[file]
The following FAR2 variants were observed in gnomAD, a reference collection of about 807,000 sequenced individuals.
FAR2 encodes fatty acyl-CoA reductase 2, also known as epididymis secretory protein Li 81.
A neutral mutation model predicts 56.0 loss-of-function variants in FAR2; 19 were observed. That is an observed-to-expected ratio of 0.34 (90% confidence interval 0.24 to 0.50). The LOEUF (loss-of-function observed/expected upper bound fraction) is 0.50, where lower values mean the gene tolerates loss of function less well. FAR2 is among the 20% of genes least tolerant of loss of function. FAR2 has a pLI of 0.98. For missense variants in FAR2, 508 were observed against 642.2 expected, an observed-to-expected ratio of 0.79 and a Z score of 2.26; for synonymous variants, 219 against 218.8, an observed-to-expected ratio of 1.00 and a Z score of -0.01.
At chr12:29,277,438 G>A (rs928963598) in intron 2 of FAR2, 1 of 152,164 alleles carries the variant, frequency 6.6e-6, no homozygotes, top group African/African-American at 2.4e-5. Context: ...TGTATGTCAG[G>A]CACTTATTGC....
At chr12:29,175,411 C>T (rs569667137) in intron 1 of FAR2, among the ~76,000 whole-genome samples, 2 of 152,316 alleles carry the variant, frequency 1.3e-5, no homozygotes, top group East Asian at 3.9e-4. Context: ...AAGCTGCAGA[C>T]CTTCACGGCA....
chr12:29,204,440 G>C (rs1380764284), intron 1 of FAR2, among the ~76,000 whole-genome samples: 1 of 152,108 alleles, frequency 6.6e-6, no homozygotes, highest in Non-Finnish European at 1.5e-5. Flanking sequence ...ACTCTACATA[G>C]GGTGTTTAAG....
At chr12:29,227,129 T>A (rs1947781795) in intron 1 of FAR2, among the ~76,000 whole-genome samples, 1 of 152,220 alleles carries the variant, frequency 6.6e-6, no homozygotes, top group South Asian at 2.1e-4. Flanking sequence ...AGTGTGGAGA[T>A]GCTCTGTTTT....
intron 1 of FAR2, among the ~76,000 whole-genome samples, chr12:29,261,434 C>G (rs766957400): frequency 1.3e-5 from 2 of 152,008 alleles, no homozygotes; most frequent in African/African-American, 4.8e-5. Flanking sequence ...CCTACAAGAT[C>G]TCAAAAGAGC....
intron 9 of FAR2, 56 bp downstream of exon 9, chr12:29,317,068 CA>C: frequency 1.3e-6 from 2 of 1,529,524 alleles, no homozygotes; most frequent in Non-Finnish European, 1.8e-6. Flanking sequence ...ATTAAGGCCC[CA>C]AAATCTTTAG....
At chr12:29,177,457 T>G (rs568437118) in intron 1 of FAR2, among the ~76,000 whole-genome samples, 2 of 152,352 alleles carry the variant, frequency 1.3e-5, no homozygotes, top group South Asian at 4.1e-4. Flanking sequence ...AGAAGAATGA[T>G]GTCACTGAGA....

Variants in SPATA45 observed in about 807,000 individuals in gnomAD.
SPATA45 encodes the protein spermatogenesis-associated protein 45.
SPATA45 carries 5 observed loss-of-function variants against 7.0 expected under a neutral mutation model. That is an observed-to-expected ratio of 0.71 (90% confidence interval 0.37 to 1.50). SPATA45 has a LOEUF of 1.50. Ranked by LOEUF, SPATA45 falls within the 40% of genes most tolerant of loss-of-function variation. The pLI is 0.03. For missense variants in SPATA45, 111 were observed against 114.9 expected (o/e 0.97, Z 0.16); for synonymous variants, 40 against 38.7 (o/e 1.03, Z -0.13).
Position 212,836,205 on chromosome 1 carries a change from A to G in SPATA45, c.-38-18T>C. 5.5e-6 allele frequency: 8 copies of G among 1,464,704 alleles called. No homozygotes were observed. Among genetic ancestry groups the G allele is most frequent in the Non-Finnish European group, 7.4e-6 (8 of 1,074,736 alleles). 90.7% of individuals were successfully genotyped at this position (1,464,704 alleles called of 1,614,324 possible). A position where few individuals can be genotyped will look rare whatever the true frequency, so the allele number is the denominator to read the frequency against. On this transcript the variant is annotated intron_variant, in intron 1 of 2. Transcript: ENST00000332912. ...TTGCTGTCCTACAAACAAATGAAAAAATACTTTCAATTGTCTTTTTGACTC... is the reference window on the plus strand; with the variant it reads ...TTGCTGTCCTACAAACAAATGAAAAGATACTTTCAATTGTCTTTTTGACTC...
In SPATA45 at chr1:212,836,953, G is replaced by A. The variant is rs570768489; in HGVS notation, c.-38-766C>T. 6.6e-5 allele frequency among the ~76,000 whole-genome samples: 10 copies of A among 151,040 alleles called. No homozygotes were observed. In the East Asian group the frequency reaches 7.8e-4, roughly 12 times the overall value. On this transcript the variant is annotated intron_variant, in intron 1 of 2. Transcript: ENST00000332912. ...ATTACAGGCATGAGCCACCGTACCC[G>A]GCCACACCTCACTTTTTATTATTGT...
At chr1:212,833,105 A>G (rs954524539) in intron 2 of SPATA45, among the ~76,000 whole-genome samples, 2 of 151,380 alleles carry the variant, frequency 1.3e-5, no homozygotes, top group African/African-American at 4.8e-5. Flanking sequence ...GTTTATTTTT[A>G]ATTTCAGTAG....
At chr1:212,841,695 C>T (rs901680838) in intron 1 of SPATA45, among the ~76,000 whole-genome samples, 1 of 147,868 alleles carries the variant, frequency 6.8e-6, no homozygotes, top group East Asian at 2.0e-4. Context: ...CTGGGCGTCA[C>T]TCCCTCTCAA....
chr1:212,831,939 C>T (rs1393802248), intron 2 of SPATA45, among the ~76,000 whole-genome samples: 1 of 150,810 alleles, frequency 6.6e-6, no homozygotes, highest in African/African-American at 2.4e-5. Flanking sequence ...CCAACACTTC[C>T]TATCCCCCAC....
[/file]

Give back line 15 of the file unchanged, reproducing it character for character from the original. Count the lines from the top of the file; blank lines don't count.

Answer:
In SPATA45 at chr1:212,836,953, G is replaced by A. The variant is rs570768489; in HGVS notation, c.-38-766C>T. 6.6e-5 allele frequency among the ~76,000 whole-genome samples: 10 copies of A among 151,040 alleles called. No homozygotes were observed. In the East Asian group the frequency reaches 7.8e-4, roughly 12 times the overall value. On this transcript the variant is annotated intron_variant, in intron 1 of 2. Transcript: ENST00000332912. ...ATTACAGGCATGAGCCACCGTACCC[G>A]GCCACACCTCACTTTTTATTATTGT...